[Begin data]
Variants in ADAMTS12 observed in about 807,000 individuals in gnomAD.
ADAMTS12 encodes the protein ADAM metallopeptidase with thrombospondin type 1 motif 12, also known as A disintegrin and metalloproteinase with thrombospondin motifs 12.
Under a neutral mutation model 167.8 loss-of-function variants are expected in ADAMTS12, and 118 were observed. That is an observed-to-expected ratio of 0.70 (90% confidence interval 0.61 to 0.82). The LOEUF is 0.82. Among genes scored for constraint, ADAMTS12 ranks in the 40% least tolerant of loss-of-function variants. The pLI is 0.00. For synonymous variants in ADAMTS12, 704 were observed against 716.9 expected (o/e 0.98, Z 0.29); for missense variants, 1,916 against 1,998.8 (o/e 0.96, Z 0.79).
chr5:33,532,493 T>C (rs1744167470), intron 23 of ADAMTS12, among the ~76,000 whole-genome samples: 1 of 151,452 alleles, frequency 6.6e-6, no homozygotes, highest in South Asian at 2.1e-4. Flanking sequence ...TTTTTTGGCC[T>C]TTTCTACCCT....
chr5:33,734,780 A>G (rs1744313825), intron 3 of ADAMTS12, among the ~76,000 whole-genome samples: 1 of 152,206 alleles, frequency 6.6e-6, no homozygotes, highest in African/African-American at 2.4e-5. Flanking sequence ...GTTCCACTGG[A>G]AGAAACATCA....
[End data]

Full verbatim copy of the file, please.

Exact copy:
Variants in ADAMTS12 observed in about 807,000 individuals in gnomAD.
ADAMTS12 encodes the protein ADAM metallopeptidase with thrombospondin type 1 motif 12, also known as A disintegrin and metalloproteinase with thrombospondin motifs 12.
Under a neutral mutation model 167.8 loss-of-function variants are expected in ADAMTS12, and 118 were observed. That is an observed-to-expected ratio of 0.70 (90% confidence interval 0.61 to 0.82). The LOEUF is 0.82. Among genes scored for constraint, ADAMTS12 ranks in the 40% least tolerant of loss-of-function variants. The pLI is 0.00. For synonymous variants in ADAMTS12, 704 were observed against 716.9 expected (o/e 0.98, Z 0.29); for missense variants, 1,916 against 1,998.8 (o/e 0.96, Z 0.79).
chr5:33,532,493 T>C (rs1744167470), intron 23 of ADAMTS12, among the ~76,000 whole-genome samples: 1 of 151,452 alleles, frequency 6.6e-6, no homozygotes, highest in South Asian at 2.1e-4. Flanking sequence ...TTTTTTGGCC[T>C]TTTCTACCCT....
chr5:33,734,780 A>G (rs1744313825), intron 3 of ADAMTS12, among the ~76,000 whole-genome samples: 1 of 152,206 alleles, frequency 6.6e-6, no homozygotes, highest in African/African-American at 2.4e-5. Flanking sequence ...GTTCCACTGG[A>G]AGAAACATCA....